The Paycheck Fairness Act would require employers to prove pay disparities aren't rooted in gender discrimination and are "consistent with business necessity." It also would ban employers from asking prospective employees about salary history or retaliating against workers who discuss wages, require that businesses with 100 or more employees report annual compensation data, and authorize grants for negotiation skills training programs. 

According to a summary from Stefanik's office, her proposal would ensure workers could discuss compensation with colleagues while giving employers the ability to set "reasonable limitations" on the time and location of that activity. It also creates a "self-audit" to encourage businesses to conduct pay analyses on their own and, similar to the Democrats' bill, authorizes a grant program for negotiation education. 

VAWA expired when the government shutdown began in December. But lawmakers didn't include an extension in a spending bill to reopen the government a month later.

Stefanik also put forward "clean" legislation to extend current VAWA policy for one year, which is backed by House GOP leaders.

Republicans say Speaker Nancy PelosiNancy PelosiDemocrats point fingers on whether Capitol rioters had inside help Pelosi suggests criminal charges for any lawmaker who helped with Capitol riot Pelosi mum on when House will send impeachment article to Senate MORE (D-Calif.) could just put a clean extension on the floor and it would pass.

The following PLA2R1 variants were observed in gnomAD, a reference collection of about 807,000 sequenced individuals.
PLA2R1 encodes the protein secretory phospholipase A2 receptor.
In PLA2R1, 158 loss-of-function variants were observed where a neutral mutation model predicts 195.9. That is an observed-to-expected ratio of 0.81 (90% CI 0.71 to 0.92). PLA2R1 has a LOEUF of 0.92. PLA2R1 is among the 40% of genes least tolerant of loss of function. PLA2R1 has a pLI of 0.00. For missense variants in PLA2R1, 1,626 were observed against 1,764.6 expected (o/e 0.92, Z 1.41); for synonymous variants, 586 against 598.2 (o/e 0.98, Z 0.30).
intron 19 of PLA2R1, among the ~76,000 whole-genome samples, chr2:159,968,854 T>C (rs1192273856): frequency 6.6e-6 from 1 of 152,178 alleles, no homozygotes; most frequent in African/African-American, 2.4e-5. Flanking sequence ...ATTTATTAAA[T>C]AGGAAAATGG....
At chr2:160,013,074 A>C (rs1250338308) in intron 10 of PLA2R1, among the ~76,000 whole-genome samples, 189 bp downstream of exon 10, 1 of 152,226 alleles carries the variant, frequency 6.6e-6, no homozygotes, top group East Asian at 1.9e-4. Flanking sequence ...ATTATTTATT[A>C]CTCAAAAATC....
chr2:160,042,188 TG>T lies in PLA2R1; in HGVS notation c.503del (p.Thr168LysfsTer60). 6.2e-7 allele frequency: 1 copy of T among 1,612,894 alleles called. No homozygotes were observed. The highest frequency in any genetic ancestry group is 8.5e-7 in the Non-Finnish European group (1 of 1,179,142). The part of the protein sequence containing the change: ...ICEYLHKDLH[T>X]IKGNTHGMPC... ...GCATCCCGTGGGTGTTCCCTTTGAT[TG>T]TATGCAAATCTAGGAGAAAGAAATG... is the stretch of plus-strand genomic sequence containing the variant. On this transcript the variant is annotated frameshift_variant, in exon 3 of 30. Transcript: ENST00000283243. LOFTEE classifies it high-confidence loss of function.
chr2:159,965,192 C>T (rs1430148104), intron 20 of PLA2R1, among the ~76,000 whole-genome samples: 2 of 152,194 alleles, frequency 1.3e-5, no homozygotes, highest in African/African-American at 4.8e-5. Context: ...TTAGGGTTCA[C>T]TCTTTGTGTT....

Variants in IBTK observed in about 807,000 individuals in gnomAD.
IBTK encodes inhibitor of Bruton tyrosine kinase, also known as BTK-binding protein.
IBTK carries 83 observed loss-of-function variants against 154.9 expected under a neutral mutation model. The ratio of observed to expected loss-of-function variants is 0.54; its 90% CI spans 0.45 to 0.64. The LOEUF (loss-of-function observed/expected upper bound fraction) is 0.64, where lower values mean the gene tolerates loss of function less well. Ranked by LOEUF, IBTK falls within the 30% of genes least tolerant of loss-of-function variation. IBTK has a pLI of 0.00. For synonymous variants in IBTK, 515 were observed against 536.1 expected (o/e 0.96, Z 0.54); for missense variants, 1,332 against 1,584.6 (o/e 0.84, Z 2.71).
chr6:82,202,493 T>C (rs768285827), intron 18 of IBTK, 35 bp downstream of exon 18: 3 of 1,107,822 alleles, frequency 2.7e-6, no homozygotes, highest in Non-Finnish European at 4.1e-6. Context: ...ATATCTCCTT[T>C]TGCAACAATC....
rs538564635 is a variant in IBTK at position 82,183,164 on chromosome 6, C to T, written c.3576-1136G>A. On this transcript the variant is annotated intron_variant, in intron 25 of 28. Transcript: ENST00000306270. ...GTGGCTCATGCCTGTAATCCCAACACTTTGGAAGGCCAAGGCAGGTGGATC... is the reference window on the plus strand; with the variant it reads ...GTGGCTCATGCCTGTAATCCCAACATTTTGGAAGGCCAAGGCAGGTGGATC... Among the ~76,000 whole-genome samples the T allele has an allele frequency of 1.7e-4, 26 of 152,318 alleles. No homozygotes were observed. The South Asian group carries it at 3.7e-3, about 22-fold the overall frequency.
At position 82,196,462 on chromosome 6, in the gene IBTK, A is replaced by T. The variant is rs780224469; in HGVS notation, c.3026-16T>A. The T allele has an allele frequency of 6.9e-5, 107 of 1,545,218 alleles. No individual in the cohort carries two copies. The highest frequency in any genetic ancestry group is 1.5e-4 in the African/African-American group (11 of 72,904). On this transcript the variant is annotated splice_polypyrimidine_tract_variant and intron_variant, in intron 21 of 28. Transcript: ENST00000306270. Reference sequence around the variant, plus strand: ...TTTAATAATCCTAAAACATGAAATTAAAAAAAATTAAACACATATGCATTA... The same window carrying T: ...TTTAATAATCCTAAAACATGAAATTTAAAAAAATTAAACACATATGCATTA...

"I think the best thing for us to do is to extend the current VAWA into the rest of the year," House Minority Leader Kevin McCarthyKevin McCarthyGOP divided over Liz Cheney's future Democrats point fingers on whether Capitol rioters had inside help Pelosi suggests criminal charges for any lawmaker who helped with Capitol riot MORE (R-Calif.) said at a press conference on Thursday, pointing to Stefanik's bill. 

"She's playing political games. That's why she expired it," McCarthy said of Pelosi.

Democrats are seeking changes to current law in their VAWA reauthorization proposal, including a provision to tighten gun restrictions for domestic abusers.

Existing law prohibits people convicted of domestic violence offenses against their spouses or family members from owning guns. But Democrats' VAWA bill would extend it to people who abuse their dating partners to close the so-called "boyfriend loophole."

The NRA has come out in opposition to the legislation. National Journal first reported this week that the group's announcement came after Republicans discussed enlisting its backup to help offer cover for opposing the VAWA renewal.

Democrats have seized on the NRA's opposition as a choice between protecting domestic violence survivors and the gun rights of abusers.

"There's very discrete provisions that relate to protecting women's safety. And they're against it," Pelosi said of Republicans on Thursday.

But as a result of GOP opposition to House Democrats' VAWA reauthorization, the measure is unlikely to be taken up by the Senate, leaving its renewal in limbo.

"Nothing that's passing in the House is going to be taken up in the Senate that's these gotcha bills," Foxx said.